When someone says 'this is the average', always ask: "Which average are you talking about? Mean, Median or Mode?" Also ask, "Which of these three should be used in this situation?" Better ask the presenter for all three values and ask him/her to justify which average is the best measure to use.

For example, to measure data related to humans, like height or weight, all three measures give almost equal results. For things like salary, median is better.

3. Graphs
This part is pretty interesting. Graphs can be used to influence your reaction and response. Graphs can be distorted easily to suit ones need.

If a newspaper wants to say, "inflation is hitting the roof" it can make the inflation graph dramatic. Look at this example from a newspaper.

The last figure of 9.01% looks like a big jump from 8.06%. Inflation has shot up! Wait, where does the vertical x-axis start? 7. Should it not start at 0? This is what we were taught in school.

Here lies the trick. To make the jump significant, set the axis at 7. If you actually keep the axis at zero, the jump will not look high and hence will not be a 'saleable story' and will never make the front page.

Look at one more on the same topic.

Did you catch it? There is no labels on the x-axis. We have no clue where it starts. But how scary it looks. It zooms up from some point in the bottom to 9.9%. Oh my god! the prices are going up and times are bad.

There is one more disease which newspapers suffer from and others are getting addicted to. Look at this one below.

This is a new trend. The presenter wants to show that the sales of Brand X has doubled. The height of the second image is double that of the first. So whats wrong?

The flaw is, when we increase the height by two times, the width also goes up two times. Even though the label says 40 million, the second image is 4 times bigger than the first. Hence to the eye and the mind the growth 'looks' much more than what it is. 

When you are shown a graph look for: (a) Where does the x-axis start? (b) Has the chart been labelled properly? (c) Is the infographic (like the last example above) incorrect?

4. Percentages
Percentages make sense if the numbers are more. If 4 employees left the company last year and only 2 did so this year, do not say there is a 100% decrease in attrition this year. Percentages make sense when numbers are large.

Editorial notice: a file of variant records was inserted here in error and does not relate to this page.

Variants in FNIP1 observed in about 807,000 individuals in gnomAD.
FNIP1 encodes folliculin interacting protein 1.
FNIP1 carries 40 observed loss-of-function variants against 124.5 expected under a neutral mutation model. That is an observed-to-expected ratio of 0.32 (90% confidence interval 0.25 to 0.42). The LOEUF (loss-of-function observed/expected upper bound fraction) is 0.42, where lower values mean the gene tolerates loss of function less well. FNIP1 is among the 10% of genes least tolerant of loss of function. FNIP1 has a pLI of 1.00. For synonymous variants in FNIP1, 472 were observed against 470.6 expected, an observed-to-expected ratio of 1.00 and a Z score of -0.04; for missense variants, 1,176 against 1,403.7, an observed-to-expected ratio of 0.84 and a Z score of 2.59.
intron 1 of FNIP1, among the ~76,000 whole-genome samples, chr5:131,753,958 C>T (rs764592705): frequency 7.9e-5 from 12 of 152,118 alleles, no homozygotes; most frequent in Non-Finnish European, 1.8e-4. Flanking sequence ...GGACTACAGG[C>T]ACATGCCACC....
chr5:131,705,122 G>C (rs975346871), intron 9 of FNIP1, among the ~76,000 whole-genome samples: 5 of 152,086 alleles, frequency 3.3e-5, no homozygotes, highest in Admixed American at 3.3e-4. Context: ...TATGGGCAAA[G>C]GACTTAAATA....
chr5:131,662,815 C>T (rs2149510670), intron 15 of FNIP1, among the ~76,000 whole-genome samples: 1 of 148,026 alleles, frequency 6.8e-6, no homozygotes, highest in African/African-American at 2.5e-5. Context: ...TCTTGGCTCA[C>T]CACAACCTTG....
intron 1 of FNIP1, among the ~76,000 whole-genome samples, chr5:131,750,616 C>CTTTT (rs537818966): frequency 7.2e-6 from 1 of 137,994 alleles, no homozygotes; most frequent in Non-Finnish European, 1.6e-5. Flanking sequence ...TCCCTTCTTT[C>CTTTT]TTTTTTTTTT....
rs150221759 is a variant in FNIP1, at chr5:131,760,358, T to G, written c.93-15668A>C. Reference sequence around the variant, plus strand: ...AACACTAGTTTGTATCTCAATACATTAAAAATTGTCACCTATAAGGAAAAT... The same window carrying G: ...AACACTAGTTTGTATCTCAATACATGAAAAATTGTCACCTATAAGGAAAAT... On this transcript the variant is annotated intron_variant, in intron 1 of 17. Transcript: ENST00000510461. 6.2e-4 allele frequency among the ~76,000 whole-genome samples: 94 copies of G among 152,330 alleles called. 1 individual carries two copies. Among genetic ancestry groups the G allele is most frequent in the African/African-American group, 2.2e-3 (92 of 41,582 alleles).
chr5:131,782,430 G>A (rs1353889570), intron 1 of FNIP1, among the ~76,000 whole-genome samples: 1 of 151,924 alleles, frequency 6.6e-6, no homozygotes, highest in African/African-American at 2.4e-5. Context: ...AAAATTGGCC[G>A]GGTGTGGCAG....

Percentages should always be mentioned along with their base figures. If your agency says "40% people like our ad" ask them how many people they met. What is the base figure? Is it 10 people out of 25 OR 80 people out of 200? The second one is more trustworthy and should be taken seriously.

When a percentage is presented to you ask: (a) What are the actual numbers (numerator and base)? This will give you a clearer picture.

There are many more things which the book covers and explains in more depth. If you have got excited by reading my post, I recommend you buy the book. Click here to buy on Amazon ($6.55) and click here to buy on Flipkart (Rs. 439). It will take 3 hours to read and it's worth the price.


  1. Nice to see an up-to-date re-working of some of Darrel Huff's ideas -- which I first read as a student in California in 1972.

    I was delighted, and even though I never considered myself good at maths, with that book to lead in to the subject, and an excellent professor teaching our Statistics course, I ended up writing a paper about how we unconsciously use "statistics" in our daily lives -- AFTER the course had finished.

    The professor said if I had done it and shown him before he did all the grades, he would have increased mine! Oh well, it was learning we went there for, rather than simply grades -- and I certainly got that.

    -- A tutor and journalist in Hong Kong....

  2. A good read.

    what I liked the best, is you make so simple to read. I am sure you have got talent to write a book